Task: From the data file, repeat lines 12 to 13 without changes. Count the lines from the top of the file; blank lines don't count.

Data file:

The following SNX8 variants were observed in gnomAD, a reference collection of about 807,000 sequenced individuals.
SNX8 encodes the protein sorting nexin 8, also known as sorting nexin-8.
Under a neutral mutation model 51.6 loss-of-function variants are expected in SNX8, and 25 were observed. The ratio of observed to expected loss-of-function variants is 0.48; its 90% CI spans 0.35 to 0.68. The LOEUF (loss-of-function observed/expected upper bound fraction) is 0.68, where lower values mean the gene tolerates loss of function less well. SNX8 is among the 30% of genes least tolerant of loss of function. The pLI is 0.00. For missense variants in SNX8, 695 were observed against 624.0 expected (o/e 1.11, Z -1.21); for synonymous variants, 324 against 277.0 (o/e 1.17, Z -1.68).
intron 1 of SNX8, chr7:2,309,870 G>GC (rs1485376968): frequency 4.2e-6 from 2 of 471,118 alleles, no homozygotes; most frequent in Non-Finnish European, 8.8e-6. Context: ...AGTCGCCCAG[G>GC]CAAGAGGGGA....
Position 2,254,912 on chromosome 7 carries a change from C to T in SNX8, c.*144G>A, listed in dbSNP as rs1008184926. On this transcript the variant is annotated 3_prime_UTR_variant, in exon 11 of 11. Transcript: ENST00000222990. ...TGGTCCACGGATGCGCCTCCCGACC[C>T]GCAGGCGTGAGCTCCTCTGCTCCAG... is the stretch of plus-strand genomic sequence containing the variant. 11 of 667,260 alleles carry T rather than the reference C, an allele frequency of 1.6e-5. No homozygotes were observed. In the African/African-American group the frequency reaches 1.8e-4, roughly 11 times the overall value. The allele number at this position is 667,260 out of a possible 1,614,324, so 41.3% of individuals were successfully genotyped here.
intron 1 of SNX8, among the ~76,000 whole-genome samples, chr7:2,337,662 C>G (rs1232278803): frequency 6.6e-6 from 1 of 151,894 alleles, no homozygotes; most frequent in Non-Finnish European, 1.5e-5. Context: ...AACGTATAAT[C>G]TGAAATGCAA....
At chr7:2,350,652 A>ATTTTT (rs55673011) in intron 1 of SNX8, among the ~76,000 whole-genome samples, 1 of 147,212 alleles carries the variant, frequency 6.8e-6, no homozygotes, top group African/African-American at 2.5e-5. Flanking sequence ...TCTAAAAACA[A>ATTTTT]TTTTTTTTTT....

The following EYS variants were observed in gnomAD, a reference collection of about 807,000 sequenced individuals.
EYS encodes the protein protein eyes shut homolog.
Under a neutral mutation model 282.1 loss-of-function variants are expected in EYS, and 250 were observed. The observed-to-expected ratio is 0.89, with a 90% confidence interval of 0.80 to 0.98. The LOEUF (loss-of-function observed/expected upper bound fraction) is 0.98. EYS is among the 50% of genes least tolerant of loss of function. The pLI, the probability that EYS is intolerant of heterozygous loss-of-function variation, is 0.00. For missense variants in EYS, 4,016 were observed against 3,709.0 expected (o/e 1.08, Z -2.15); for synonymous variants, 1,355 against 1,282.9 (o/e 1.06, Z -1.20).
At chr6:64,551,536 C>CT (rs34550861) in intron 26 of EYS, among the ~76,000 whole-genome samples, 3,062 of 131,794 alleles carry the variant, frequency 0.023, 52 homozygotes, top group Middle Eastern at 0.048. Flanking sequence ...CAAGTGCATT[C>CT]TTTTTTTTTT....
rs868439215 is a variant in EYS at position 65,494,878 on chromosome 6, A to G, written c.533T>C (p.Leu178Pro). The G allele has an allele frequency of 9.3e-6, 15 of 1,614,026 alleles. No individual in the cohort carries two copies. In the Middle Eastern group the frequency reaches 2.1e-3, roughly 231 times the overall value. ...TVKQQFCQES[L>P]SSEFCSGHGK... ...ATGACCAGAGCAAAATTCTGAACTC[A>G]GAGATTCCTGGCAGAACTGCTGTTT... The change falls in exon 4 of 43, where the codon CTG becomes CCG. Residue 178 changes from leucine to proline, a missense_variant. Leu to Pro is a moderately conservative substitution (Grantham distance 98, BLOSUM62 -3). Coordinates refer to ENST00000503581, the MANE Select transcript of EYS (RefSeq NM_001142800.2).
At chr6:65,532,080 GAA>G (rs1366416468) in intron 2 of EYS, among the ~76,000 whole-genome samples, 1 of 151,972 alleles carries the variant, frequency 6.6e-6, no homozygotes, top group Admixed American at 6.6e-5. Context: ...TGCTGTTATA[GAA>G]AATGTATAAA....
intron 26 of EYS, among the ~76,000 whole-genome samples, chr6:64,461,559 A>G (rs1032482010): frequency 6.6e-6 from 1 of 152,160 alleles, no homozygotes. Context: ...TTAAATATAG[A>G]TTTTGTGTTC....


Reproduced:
rs868439215 is a variant in EYS at position 65,494,878 on chromosome 6, A to G, written c.533T>C (p.Leu178Pro). The G allele has an allele frequency of 9.3e-6, 15 of 1,614,026 alleles. No individual in the cohort carries two copies. In the Middle Eastern group the frequency reaches 2.1e-3, roughly 231 times the overall value. ...TVKQQFCQES[L>P]SSEFCSGHGK... ...ATGACCAGAGCAAAATTCTGAACTC[A>G]GAGATTCCTGGCAGAACTGCTGTTT... The change falls in exon 4 of 43, where the codon CTG becomes CCG. Residue 178 changes from leucine to proline, a missense_variant. Leu to Pro is a moderately conservative substitution (Grantham distance 98, BLOSUM62 -3). Coordinates refer to ENST00000503581, the MANE Select transcript of EYS (RefSeq NM_001142800.2).
At chr6:65,532,080 GAA>G (rs1366416468) in intron 2 of EYS, among the ~76,000 whole-genome samples, 1 of 151,972 alleles carries the variant, frequency 6.6e-6, no homozygotes, top group Admixed American at 6.6e-5. Context: ...TGCTGTTATA[GAA>G]AATGTATAAA....